In the 1800s, advancements in construction techniques made the greenhouse, a building that's pretty much just a stack of delicate glass panes, possible. Many greenhouses that were built around that time followed the popular art nouveau style of looking like a glorious wedding cake — and those built on the grounds of Laeken, the Belgium royal castle, were no exception. The greenhouses were untouched during WWII and retain most of their original collections, however they're only open to the public for three weeks during the spring, which makes them all the more mysterious.
New York Botanical Garden's pretty greenhouse is named after Enid Anneberg Haupt, who donated US$10 million in 1978 to save and restore the old conservatory. The conservatory (which is just a fancy way of saying greenhouse, don't be fooled) specialises in unique exhibitions for gardeners who really know what they're doing, including orchid shows (with vertical walls lush with orchids), the flora of the Japanese garden, recreations of Monet's gardens, wild medicine gardens and edible gardens. You'll also find greenhouse mainstays, such as a hot desert room and a steamy tropical rainforest room to get lost in.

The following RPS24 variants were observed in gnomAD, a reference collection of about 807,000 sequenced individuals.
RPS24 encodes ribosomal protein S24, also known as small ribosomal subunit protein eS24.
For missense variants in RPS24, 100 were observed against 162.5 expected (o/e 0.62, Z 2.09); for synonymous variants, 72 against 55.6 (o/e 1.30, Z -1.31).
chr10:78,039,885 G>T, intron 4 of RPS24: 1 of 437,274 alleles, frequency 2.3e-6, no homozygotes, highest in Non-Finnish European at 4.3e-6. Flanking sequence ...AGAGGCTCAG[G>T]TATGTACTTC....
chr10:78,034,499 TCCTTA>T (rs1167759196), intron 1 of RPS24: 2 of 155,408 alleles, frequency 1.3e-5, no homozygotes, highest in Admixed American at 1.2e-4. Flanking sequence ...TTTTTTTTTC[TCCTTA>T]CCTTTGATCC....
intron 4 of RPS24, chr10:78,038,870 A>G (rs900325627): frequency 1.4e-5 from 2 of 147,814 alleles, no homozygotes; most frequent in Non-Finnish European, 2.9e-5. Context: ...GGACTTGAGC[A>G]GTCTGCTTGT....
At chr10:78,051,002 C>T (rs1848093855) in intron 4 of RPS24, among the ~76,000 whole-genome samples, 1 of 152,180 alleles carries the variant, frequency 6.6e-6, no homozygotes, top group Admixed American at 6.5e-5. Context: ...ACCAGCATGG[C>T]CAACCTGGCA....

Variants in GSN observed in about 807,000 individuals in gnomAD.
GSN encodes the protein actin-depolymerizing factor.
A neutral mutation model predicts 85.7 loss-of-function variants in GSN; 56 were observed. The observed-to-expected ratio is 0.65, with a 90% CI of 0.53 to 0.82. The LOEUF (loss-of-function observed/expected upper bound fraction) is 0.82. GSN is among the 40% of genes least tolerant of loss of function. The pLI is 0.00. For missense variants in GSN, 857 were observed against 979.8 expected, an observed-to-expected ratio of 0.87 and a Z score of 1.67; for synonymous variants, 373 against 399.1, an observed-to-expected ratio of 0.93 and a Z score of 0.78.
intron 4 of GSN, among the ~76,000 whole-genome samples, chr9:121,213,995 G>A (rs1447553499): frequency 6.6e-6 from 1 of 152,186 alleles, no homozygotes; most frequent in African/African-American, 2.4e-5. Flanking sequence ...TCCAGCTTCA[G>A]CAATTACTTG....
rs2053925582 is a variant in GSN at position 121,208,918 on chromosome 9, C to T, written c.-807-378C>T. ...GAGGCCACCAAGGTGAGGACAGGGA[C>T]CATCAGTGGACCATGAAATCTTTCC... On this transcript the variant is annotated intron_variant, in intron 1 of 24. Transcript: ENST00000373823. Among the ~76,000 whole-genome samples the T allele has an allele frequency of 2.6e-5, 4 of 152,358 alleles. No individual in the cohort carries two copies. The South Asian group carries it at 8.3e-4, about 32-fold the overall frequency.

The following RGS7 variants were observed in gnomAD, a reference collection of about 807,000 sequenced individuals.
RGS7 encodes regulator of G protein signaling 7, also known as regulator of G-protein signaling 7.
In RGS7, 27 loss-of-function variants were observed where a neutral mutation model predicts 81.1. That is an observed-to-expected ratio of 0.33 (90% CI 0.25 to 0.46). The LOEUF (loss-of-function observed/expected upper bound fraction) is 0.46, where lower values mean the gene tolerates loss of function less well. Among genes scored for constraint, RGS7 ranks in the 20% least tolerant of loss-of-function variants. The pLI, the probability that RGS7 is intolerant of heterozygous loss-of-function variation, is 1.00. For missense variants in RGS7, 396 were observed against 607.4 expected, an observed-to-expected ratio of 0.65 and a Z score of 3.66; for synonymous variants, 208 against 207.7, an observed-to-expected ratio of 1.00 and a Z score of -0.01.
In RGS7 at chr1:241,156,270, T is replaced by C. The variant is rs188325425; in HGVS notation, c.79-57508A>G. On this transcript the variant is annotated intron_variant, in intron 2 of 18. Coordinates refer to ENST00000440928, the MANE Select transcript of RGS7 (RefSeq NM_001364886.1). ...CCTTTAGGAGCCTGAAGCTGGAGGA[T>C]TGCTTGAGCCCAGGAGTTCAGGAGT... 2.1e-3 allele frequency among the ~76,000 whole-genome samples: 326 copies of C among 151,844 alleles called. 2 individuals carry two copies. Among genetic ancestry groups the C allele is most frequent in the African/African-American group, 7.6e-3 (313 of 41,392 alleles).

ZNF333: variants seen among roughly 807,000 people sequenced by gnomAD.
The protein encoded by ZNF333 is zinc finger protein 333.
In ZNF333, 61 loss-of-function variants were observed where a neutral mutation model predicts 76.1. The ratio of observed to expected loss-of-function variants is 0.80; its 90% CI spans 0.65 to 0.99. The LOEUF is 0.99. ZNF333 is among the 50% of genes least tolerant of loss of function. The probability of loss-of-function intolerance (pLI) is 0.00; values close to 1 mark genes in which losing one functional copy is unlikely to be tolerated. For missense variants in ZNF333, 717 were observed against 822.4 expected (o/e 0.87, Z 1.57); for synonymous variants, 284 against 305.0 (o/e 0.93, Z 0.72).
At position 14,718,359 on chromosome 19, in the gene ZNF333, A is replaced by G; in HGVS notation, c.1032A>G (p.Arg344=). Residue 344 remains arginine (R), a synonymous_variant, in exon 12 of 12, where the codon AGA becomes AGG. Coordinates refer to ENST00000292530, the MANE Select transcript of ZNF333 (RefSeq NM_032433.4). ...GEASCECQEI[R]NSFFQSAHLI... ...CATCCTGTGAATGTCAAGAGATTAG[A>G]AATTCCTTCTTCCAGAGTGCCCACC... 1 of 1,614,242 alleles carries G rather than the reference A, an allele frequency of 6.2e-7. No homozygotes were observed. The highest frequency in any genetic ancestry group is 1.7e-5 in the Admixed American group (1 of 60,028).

The Eden Project is technically not made of glass, but it's definitely earned a place on this list for its sustainable (and stunning) design and eco-friendly initiatives. It was built in 2000 on a disused kaolinite pit, near the town of St Blazey in Cornwall, after the pit reached the end of its life. The structure consists of multiple linked geodesic biomes that house the largest rainforest in captivity and a rambling garden that cascades down the edges of the pit. An education centre was built in 2005 that includes classrooms and exhibitions to educate visitors about sustainability — the central message of the Eden Project. And in winter, the tropical biome is probably the warmest place in the UK and stuffed full of rare carnivorous plants.
It's fitting that some of the oldest and prettiest greenhouses are found in Paris. The three greenhouses in the Jardin des Plantes are almost as lovely as the plants they house and are but one element that make up the rich and rambling garden. They were built in the art deco style (similar to the Paris metro stations) and house exotic plants from around the world, including desert plants, tropical plants from New Caledonia, and a greenhouse that tracks the evolution and history of plant life across the planet.